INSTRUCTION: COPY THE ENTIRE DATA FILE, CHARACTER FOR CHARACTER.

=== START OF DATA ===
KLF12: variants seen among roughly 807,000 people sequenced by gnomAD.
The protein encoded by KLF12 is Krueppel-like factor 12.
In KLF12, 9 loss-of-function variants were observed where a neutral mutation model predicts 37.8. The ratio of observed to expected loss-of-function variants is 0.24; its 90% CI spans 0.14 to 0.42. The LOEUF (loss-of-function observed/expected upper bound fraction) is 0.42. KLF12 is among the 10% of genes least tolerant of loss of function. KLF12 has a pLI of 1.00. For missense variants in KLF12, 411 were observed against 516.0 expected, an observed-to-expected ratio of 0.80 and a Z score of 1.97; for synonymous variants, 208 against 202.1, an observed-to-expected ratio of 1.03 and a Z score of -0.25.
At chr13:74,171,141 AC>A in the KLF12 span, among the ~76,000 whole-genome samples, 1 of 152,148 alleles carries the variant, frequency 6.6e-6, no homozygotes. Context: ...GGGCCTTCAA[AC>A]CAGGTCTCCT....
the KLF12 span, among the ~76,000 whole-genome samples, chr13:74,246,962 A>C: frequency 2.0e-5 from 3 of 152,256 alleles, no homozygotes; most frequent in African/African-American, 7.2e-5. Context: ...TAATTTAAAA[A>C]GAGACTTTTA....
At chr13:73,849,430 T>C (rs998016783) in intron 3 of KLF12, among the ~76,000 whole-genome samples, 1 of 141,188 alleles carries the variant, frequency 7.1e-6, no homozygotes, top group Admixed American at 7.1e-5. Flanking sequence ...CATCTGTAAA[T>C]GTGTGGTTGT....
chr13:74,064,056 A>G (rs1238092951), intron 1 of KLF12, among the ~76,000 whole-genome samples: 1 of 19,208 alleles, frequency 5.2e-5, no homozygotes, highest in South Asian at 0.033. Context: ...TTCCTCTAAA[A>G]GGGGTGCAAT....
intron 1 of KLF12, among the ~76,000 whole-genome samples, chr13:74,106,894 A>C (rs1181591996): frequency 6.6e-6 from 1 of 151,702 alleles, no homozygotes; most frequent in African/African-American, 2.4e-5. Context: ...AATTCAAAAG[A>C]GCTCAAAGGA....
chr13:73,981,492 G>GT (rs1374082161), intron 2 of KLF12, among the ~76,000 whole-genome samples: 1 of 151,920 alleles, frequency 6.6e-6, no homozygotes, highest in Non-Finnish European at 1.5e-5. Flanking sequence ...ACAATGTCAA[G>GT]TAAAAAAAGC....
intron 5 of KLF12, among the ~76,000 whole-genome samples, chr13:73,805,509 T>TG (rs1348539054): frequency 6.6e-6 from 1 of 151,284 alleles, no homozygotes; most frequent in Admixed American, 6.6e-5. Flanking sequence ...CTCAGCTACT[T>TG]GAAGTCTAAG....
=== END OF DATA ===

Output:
KLF12: variants seen among roughly 807,000 people sequenced by gnomAD.
The protein encoded by KLF12 is Krueppel-like factor 12.
In KLF12, 9 loss-of-function variants were observed where a neutral mutation model predicts 37.8. The ratio of observed to expected loss-of-function variants is 0.24; its 90% CI spans 0.14 to 0.42. The LOEUF (loss-of-function observed/expected upper bound fraction) is 0.42. KLF12 is among the 10% of genes least tolerant of loss of function. KLF12 has a pLI of 1.00. For missense variants in KLF12, 411 were observed against 516.0 expected, an observed-to-expected ratio of 0.80 and a Z score of 1.97; for synonymous variants, 208 against 202.1, an observed-to-expected ratio of 1.03 and a Z score of -0.25.
At chr13:74,171,141 AC>A in the KLF12 span, among the ~76,000 whole-genome samples, 1 of 152,148 alleles carries the variant, frequency 6.6e-6, no homozygotes. Context: ...GGGCCTTCAA[AC>A]CAGGTCTCCT....
the KLF12 span, among the ~76,000 whole-genome samples, chr13:74,246,962 A>C: frequency 2.0e-5 from 3 of 152,256 alleles, no homozygotes; most frequent in African/African-American, 7.2e-5. Context: ...TAATTTAAAA[A>C]GAGACTTTTA....
At chr13:73,849,430 T>C (rs998016783) in intron 3 of KLF12, among the ~76,000 whole-genome samples, 1 of 141,188 alleles carries the variant, frequency 7.1e-6, no homozygotes, top group Admixed American at 7.1e-5. Flanking sequence ...CATCTGTAAA[T>C]GTGTGGTTGT....
chr13:74,064,056 A>G (rs1238092951), intron 1 of KLF12, among the ~76,000 whole-genome samples: 1 of 19,208 alleles, frequency 5.2e-5, no homozygotes, highest in South Asian at 0.033. Context: ...TTCCTCTAAA[A>G]GGGGTGCAAT....
intron 1 of KLF12, among the ~76,000 whole-genome samples, chr13:74,106,894 A>C (rs1181591996): frequency 6.6e-6 from 1 of 151,702 alleles, no homozygotes; most frequent in African/African-American, 2.4e-5. Context: ...AATTCAAAAG[A>C]GCTCAAAGGA....
chr13:73,981,492 G>GT (rs1374082161), intron 2 of KLF12, among the ~76,000 whole-genome samples: 1 of 151,920 alleles, frequency 6.6e-6, no homozygotes, highest in Non-Finnish European at 1.5e-5. Flanking sequence ...ACAATGTCAA[G>GT]TAAAAAAAGC....
intron 5 of KLF12, among the ~76,000 whole-genome samples, chr13:73,805,509 T>TG (rs1348539054): frequency 6.6e-6 from 1 of 151,284 alleles, no homozygotes; most frequent in Admixed American, 6.6e-5. Flanking sequence ...CTCAGCTACT[T>TG]GAAGTCTAAG....